The U.S. Department of the Interior today announced that an additional $1 million has been transferred to the Cobell Education Scholarship Fund, bringing the total transferred in 2014 to more than $4.5 million. The Scholarship Fund was authorized by the historic Cobell Settlement and is funded in part by the Land Buy-Back Program for Tribal Nations (Buy-Back Program). The Scholarship Fund provides financial assistance through scholarships to American Indian and Alaska Native students wishing to pursue post-secondary education and training.

    DOI puts another $1M from lands sales into Cobell scholarships

    The Interior Department has transferred another $1 million into the Cobell scholarship fund.
    The $3.4 billion Cobell trust fund settlement established a $1.9 billion land consolidation program. A portion of every sale from the Land Buy-Back Program for Tribal Nations goes to the scholarship fund.

    2nd Circuit rebuffs tribal online lenders in dispute with New York

    The 2nd Circuit Court of Appeals has left intact an injunction that prevents two tribally-owned online lenders from doing business in New York.
    The Otoe-Missouria Tribe of Oklahoma and the Lac Vieux Desert Band of Lake Superior Chippewa Indians of Michigan went to federal court when the New York Department of Financial Services issued a cease and desist order against them. The tribes claimed that the state lacked the authority to regulate their businesses.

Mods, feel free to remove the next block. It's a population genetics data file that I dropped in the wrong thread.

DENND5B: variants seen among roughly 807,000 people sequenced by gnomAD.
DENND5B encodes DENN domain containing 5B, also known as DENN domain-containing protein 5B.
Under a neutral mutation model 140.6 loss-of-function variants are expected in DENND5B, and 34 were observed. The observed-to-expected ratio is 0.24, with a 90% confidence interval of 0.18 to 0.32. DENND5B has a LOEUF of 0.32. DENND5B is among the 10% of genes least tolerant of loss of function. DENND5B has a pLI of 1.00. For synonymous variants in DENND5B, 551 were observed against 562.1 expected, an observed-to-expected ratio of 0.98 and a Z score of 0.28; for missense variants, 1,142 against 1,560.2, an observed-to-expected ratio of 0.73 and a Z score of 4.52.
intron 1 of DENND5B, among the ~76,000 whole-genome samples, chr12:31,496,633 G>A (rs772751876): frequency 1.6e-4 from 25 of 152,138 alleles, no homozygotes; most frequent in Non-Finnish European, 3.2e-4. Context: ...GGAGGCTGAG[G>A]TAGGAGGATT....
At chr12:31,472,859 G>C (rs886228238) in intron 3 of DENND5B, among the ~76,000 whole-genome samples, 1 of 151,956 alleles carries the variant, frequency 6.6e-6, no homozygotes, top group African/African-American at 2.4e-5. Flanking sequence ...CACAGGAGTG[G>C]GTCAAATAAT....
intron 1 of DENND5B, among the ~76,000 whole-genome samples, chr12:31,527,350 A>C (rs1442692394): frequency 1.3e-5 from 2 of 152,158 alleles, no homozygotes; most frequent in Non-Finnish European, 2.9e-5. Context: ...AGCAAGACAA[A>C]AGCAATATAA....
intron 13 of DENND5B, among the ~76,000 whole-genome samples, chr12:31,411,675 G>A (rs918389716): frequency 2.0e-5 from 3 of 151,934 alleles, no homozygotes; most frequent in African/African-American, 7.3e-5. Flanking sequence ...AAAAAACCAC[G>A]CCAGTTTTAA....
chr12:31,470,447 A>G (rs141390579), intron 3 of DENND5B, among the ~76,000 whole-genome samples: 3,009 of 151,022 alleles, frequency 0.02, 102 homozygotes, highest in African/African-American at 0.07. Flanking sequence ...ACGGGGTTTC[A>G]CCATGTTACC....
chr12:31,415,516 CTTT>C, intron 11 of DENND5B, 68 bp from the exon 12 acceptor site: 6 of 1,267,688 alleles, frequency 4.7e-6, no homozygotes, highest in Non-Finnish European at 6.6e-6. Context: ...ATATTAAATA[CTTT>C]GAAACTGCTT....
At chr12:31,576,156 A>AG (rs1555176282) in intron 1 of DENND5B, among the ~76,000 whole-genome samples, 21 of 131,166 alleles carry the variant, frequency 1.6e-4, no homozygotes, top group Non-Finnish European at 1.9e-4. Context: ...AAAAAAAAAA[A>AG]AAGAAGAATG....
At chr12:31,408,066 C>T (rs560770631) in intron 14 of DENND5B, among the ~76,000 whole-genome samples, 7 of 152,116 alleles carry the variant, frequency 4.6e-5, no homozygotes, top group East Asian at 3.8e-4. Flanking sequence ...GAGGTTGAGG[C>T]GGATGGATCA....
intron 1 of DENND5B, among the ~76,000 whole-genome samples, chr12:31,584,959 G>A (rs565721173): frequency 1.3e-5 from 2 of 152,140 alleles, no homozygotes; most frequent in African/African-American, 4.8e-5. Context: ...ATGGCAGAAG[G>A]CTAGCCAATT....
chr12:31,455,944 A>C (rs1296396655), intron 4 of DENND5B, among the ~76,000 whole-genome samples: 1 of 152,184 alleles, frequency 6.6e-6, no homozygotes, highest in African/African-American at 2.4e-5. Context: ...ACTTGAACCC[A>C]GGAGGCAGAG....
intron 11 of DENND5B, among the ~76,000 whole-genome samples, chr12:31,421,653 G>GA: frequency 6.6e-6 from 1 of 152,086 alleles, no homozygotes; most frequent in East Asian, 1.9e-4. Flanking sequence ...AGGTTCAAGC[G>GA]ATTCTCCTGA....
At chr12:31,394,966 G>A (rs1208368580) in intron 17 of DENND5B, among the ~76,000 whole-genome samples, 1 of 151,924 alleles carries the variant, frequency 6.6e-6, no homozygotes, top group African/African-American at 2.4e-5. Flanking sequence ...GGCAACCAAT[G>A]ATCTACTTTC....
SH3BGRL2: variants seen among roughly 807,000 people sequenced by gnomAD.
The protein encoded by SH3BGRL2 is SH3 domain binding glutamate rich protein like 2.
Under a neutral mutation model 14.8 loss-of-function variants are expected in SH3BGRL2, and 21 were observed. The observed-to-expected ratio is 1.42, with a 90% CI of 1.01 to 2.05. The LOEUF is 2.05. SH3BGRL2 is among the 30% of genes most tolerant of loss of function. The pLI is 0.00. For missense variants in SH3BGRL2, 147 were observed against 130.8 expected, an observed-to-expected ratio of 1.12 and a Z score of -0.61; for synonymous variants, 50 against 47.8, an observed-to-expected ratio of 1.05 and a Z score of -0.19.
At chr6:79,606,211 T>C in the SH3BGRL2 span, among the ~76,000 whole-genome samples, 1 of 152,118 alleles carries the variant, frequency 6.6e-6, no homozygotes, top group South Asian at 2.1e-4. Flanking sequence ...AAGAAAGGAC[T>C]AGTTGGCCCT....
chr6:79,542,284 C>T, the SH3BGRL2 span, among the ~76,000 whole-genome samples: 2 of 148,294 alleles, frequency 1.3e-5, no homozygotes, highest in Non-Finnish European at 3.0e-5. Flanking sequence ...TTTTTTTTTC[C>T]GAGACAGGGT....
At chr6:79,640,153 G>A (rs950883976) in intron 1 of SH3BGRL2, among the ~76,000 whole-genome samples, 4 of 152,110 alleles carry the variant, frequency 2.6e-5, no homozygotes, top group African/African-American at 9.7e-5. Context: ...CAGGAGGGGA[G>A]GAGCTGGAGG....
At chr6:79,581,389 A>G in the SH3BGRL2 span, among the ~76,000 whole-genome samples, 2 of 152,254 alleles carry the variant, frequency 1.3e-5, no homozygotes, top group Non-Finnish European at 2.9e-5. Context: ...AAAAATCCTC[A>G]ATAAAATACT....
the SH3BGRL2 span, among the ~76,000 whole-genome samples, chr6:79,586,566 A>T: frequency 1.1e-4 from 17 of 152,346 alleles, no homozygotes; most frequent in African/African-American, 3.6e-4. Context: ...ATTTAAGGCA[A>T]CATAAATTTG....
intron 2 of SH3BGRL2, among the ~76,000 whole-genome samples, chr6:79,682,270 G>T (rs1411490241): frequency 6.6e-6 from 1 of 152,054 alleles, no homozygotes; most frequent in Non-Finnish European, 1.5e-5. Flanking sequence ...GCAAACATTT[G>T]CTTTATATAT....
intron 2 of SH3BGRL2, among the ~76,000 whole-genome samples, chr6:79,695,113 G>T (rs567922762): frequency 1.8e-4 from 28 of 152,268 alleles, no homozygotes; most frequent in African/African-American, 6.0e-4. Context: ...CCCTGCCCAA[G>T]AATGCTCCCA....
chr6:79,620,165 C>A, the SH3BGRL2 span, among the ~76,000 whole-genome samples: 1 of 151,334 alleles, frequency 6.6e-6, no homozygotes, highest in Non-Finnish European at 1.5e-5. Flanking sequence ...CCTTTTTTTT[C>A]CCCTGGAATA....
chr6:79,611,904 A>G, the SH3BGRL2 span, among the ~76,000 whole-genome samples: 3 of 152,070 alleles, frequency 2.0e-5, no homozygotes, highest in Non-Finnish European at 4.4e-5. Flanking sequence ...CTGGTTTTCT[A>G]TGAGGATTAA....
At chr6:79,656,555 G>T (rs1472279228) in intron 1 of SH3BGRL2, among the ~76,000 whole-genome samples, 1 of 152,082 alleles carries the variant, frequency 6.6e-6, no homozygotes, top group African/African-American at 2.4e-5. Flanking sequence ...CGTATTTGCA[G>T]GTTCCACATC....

Foods & Tools of the Huron Tribe

    The Huron people, also known as the Wyandot, originally inhabited what is known today as the St. Lawrence Valley in Quebec, Canada. Abundant in agricultural resources, the region provided the Huron with a diverse diet rich in meat and produce. The Huron also used a variety of tools to farm, hunt, process food and travel.

    What Were Some of the Comanche Indians Natural Resources?

    The Comanche Indians resided in present-day Wyoming. They numbered in the thousands by the late 1700s. These Native Americans were benefactors to many natural resources present in the plains and along Wyoming rivers such as the Platte and Shoshone. These natural resources included buffalo, wild horses, freshwater fish and clam and nuts and grains.

    Main Staple Foods of the Pueblo Indians

    The Pueblo Indians of the American Southwest were known for settling down from a herd-following nomadic lifestyle and beginning to sustain themselves with agriculture and more permanent settlement. Most of the main staple foods that the Pueblo Indians were vegetarian foods that came from their crops, but they also sometimes consumed small domestic or hunted game birds and animals.

    Radon: The Invisible Killer In Native Homes Across Indian Country

    When Twa-le Abrahamson-Swan tested her Spokane, Washington, home for radon, she already knew about the dangers of the invisible, odorless radioactive gas.
    The manager of the Spokane Tribe’s Air Quality Program knew radon is the top cause of lung cancer for non-smokers, higher even than second-hand smoke, and the second-highest lung cancer risk over all.

    Radiation Leak Linked to Los Alamos; Do We Really Want Biological Agents There?

    The cause of the radiation leak at Waste Isolation Pilot Plant (WIPP) in Carlsbad, New Mexico, is still unresolved, but we know that it started with Los Alamos National Laboratories (LANL) and ended at the WIPP, shutting that facility down for a few more years and costing millions of dollars.

    Loading posts...